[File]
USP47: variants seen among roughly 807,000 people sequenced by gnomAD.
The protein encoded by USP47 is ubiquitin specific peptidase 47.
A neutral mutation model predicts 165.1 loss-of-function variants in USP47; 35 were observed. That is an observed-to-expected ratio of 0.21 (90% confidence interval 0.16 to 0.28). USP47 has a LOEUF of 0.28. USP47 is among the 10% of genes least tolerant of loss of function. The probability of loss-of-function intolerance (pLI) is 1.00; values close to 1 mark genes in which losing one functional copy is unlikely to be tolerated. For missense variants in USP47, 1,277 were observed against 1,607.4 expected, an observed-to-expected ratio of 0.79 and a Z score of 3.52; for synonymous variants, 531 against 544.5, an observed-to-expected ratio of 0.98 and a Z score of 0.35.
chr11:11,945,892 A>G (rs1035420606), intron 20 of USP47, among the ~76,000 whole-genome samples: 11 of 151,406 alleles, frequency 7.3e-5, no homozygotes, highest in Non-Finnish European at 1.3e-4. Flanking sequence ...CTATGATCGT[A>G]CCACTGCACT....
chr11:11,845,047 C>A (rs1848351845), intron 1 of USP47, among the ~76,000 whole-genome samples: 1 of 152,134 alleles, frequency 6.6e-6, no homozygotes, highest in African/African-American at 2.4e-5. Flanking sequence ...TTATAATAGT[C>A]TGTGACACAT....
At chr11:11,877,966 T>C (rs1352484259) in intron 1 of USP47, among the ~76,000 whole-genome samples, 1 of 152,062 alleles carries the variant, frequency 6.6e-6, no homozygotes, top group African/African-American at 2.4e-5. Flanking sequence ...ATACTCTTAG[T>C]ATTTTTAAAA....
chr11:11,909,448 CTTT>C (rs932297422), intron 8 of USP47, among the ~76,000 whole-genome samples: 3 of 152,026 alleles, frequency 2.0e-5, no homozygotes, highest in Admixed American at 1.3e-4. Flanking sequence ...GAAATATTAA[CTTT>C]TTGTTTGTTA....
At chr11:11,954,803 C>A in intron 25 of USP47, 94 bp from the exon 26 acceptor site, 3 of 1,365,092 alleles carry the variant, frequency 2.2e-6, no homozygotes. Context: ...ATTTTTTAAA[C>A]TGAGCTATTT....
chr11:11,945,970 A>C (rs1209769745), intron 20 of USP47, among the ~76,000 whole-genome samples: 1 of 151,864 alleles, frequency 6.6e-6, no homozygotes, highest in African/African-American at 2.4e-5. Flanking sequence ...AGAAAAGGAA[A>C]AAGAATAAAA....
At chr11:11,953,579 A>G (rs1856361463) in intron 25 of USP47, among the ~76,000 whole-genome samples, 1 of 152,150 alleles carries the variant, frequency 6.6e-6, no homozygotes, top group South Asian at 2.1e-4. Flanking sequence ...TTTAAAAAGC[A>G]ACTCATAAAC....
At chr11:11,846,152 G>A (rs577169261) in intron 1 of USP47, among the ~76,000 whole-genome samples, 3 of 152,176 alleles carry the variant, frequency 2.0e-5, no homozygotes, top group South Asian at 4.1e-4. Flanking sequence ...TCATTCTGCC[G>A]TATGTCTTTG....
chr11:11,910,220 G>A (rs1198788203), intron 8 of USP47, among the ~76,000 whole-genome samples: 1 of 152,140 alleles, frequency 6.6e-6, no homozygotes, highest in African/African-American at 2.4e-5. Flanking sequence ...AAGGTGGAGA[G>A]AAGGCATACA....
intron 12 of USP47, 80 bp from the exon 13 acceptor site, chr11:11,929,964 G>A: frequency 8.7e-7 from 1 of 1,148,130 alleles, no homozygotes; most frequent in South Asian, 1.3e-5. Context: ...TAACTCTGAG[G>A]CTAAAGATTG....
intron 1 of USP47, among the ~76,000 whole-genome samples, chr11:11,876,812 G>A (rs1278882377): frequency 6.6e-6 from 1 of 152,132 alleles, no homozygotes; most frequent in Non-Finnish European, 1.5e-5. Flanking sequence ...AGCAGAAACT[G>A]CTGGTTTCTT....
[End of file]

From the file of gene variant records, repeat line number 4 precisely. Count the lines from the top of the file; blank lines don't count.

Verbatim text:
chr11:11,945,892 A>G (rs1035420606), intron 20 of USP47, among the ~76,000 whole-genome samples: 11 of 151,406 alleles, frequency 7.3e-5, no homozygotes, highest in Non-Finnish European at 1.3e-4. Flanking sequence ...CTATGATCGT[A>G]CCACTGCACT....